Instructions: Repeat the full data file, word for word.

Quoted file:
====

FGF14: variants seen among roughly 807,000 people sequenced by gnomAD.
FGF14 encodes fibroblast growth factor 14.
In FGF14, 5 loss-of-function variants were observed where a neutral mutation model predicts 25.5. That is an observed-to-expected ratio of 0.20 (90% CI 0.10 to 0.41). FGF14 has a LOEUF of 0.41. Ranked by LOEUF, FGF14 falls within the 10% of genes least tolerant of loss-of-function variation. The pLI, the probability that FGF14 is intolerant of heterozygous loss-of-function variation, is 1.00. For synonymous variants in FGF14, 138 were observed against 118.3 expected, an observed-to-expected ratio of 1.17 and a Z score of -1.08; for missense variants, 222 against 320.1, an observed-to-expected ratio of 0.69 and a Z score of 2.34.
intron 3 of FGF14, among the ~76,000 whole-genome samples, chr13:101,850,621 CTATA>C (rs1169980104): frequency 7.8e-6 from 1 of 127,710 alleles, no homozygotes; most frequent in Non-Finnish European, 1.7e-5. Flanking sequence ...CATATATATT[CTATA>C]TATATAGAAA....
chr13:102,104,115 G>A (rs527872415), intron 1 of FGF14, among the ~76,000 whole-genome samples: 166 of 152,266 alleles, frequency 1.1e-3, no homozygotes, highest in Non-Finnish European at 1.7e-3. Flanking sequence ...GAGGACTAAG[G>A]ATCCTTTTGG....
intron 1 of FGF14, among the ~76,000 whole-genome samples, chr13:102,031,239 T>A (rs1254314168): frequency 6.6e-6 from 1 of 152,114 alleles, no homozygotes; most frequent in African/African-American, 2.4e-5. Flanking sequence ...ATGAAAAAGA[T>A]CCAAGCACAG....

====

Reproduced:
FGF14: variants seen among roughly 807,000 people sequenced by gnomAD.
FGF14 encodes fibroblast growth factor 14.
In FGF14, 5 loss-of-function variants were observed where a neutral mutation model predicts 25.5. That is an observed-to-expected ratio of 0.20 (90% CI 0.10 to 0.41). FGF14 has a LOEUF of 0.41. Ranked by LOEUF, FGF14 falls within the 10% of genes least tolerant of loss-of-function variation. The pLI, the probability that FGF14 is intolerant of heterozygous loss-of-function variation, is 1.00. For synonymous variants in FGF14, 138 were observed against 118.3 expected, an observed-to-expected ratio of 1.17 and a Z score of -1.08; for missense variants, 222 against 320.1, an observed-to-expected ratio of 0.69 and a Z score of 2.34.
intron 3 of FGF14, among the ~76,000 whole-genome samples, chr13:101,850,621 CTATA>C (rs1169980104): frequency 7.8e-6 from 1 of 127,710 alleles, no homozygotes; most frequent in Non-Finnish European, 1.7e-5. Flanking sequence ...CATATATATT[CTATA>C]TATATAGAAA....
chr13:102,104,115 G>A (rs527872415), intron 1 of FGF14, among the ~76,000 whole-genome samples: 166 of 152,266 alleles, frequency 1.1e-3, no homozygotes, highest in Non-Finnish European at 1.7e-3. Flanking sequence ...GAGGACTAAG[G>A]ATCCTTTTGG....
intron 1 of FGF14, among the ~76,000 whole-genome samples, chr13:102,031,239 T>A (rs1254314168): frequency 6.6e-6 from 1 of 152,114 alleles, no homozygotes; most frequent in African/African-American, 2.4e-5. Flanking sequence ...ATGAAAAAGA[T>A]CCAAGCACAG....